///2019 Abstract Details
2019 Abstract Details2019-07-13T07:45:15-05:00

Cerebrospinal Fluid Leak After Disconnection of an Intrathecal Catheter Adapter Placed After Inadvertent Dural Puncture

Abstract Number: FCC-353
Abstract Type: Case Report Case Series

John C. Markley MD, PhD1 ; Erica M. Langnas MD, MPH2; Julin F. Tang MD, MS3; Maytinee Lilaonitkul MBBS4

Introduction: There remains controversy regarding the efficacy of post-delivery intrathecal (IT) catheter retainment to reduce post-dural puncture headache (PDPH) risk. Furthermore, there are inherent risks of sustaining an IT catheter. We present a case of a complication of cerebrospinal fluid (CSF) leak resulting from a disconnection of the adapter from an IT catheter that was used for continuous spinal labor analgesia and maintained post-delivery to reduce PDPH risk.

Case: A 25 year-old gravida 1 para 0 at 38 weeks 3 days was admitted for induction of labor due to intrauterine growth restriction and non-reassuring fetal heart tracing. Pertinent medical history included a history of viral meningitis complicated by seizure three years prior. She was 149 cm tall, 52 kg in weight, and a physical exam and laboratory analyses were within normal limits.

Upon labor epidural request, an L3/L4 epidural was attempted (Arrow 17G Tuohy/Arrow 19G FlexTip Plus catheter) that resulted in an inadvertent dural puncture (IDP). An IT catheter was placed for labor analgesia, which was successfully accomplished through the bolus and continuous infusion of bupivacaine 0.25% isobaric without patient-controlled functionality. The neonate was delivered by normal spontaneous vaginal delivery 11 hours later. After delivery, the anesthesia service discontinued the infusion and left the IT catheter in place, capped off, to reduce PDPH risk. No knot was tied in the catheter.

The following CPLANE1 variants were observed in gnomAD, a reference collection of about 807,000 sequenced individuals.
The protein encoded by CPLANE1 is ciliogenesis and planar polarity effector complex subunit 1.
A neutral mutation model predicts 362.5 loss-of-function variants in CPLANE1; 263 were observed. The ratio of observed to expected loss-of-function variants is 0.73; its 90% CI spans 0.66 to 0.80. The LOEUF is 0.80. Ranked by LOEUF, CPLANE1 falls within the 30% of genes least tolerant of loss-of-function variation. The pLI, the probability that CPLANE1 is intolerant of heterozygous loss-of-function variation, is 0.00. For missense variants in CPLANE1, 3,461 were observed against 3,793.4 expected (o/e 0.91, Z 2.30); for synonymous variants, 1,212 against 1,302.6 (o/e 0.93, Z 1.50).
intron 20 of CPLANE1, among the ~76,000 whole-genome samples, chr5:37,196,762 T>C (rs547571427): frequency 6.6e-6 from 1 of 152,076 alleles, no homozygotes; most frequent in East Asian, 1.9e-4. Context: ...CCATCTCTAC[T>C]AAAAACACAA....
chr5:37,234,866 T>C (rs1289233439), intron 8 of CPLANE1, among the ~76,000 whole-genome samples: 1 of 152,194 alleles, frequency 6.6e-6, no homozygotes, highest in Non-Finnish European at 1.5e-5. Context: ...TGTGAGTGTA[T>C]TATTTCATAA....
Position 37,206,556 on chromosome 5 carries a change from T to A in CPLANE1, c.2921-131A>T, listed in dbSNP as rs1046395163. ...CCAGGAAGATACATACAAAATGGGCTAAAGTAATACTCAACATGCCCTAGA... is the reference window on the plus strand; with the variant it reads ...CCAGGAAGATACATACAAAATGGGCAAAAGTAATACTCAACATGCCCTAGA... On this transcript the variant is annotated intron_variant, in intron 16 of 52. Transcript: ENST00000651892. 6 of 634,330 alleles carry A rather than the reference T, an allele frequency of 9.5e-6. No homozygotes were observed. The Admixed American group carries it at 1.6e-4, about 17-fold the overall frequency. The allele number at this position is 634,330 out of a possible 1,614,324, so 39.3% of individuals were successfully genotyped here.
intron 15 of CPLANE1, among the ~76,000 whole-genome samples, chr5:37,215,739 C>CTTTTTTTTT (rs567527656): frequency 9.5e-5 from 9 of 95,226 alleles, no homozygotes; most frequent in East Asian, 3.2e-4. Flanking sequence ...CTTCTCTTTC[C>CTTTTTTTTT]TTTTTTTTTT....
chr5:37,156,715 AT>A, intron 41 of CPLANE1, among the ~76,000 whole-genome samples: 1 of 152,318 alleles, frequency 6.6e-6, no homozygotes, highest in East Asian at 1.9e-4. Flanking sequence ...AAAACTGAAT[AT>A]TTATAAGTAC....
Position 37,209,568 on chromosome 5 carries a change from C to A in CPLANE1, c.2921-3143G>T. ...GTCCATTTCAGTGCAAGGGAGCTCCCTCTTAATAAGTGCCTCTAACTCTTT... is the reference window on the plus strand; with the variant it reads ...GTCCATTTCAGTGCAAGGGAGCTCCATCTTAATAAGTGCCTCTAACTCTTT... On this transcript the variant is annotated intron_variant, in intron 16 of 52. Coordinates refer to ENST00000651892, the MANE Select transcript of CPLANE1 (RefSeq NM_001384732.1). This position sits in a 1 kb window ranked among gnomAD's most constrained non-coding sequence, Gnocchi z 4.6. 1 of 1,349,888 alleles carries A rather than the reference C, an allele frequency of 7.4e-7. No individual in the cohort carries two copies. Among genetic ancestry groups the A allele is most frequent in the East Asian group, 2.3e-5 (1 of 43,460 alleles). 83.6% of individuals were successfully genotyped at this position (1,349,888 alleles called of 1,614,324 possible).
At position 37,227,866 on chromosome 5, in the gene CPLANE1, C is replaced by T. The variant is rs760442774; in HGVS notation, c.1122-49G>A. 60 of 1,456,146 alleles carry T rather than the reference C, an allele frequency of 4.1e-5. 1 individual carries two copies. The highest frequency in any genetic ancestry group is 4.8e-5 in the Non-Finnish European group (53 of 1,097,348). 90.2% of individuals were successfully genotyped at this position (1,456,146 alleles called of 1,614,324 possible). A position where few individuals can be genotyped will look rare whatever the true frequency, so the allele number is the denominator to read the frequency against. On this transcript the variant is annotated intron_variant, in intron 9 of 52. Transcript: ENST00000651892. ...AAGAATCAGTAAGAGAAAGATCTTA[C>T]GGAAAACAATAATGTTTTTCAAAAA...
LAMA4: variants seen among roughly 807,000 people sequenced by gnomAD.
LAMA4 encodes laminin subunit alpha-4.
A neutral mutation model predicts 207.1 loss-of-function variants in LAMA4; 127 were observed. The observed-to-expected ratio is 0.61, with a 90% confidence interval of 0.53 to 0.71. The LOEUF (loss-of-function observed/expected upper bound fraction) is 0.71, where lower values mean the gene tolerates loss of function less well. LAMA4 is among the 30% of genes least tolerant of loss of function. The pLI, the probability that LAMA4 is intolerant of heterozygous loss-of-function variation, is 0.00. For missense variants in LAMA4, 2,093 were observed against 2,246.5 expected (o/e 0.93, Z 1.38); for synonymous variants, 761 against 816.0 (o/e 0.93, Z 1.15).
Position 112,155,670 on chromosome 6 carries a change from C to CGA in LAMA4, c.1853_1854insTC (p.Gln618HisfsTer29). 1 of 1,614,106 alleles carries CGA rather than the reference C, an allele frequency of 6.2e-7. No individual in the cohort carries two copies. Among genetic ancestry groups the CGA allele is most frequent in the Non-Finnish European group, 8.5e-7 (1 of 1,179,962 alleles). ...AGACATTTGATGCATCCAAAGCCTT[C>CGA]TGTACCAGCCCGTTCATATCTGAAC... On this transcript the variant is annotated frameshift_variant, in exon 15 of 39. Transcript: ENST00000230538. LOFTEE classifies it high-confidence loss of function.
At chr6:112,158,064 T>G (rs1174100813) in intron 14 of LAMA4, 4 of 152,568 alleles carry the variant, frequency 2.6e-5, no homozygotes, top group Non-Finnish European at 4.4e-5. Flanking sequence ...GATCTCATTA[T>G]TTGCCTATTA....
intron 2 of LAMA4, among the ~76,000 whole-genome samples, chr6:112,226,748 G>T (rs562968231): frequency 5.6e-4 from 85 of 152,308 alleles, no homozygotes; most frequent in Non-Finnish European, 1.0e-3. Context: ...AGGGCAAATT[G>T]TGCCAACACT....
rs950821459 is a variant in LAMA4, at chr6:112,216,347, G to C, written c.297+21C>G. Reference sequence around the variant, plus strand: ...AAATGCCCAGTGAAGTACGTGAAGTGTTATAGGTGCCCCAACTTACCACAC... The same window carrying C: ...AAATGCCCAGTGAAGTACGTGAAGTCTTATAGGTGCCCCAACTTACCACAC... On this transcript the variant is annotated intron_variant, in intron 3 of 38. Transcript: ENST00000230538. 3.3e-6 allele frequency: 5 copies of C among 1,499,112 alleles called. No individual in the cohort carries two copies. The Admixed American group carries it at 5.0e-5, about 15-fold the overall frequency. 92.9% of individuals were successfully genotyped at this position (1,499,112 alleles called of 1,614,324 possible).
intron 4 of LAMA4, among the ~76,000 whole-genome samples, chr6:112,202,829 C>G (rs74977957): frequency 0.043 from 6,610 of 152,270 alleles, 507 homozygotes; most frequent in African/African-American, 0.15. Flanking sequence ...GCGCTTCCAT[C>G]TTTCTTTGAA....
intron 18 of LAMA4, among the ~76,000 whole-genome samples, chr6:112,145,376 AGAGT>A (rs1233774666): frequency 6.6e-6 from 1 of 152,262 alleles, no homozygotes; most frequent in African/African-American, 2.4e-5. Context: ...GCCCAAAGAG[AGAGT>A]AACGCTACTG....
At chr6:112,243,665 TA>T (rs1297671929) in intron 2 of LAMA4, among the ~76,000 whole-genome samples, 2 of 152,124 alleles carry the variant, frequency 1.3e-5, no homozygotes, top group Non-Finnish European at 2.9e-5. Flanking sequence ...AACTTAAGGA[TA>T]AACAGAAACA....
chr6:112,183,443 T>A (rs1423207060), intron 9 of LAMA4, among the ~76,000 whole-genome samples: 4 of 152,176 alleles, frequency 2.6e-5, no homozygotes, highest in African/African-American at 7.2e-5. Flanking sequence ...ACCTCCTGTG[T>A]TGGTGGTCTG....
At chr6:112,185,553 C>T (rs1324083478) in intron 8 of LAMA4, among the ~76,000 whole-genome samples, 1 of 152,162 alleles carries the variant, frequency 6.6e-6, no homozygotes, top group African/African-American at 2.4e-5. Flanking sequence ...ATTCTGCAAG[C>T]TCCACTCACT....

Two hours post-partum, the patient complained of mild headache. Five hours post-partum, the patient complained of wet bed sheets. The nursing staff found the IT catheter leaking liquid from it. On inspection by the anesthesia service, the catheter tip was open to air and the Arrow SnapLock catheter syringe adapter could not be found. The catheter was removed. It could not be determined when the adapter had separated from the catheter. No attempt to quantify or analyze the liquid was made, but it was assumed to be CSF. The patient complained of postural headache, but exhibited no other concerning neurologic signs. No head imaging or neurology consultation was obtained. A diagnosis of PDPH was made and, after initially declining, she underwent uncomplicated epidural blood patch 24 h later with resolution of her headache.

Discussion: A recent meta-analysis of 13 studies (2 prospective, 11 retrospective) by Deng et al. showed an association of IT catheters with a reduced rate of PDPH compared to epidural catheters. Importantly, however, the two prospective studies included in the analysis did not show a significant difference. This case highlights the risks of leaving an IT catheter in place to prevent PDPH. Providers should maintain high level of caution and vigilance if using this controversial technique to reduce PDPH risk.


Cohen S et al. Reg Anesth Pain Med. 2005; 30(6):591.

Deng et al. PLoS One. 2017; 12(7):e0180504.

SOAP 2019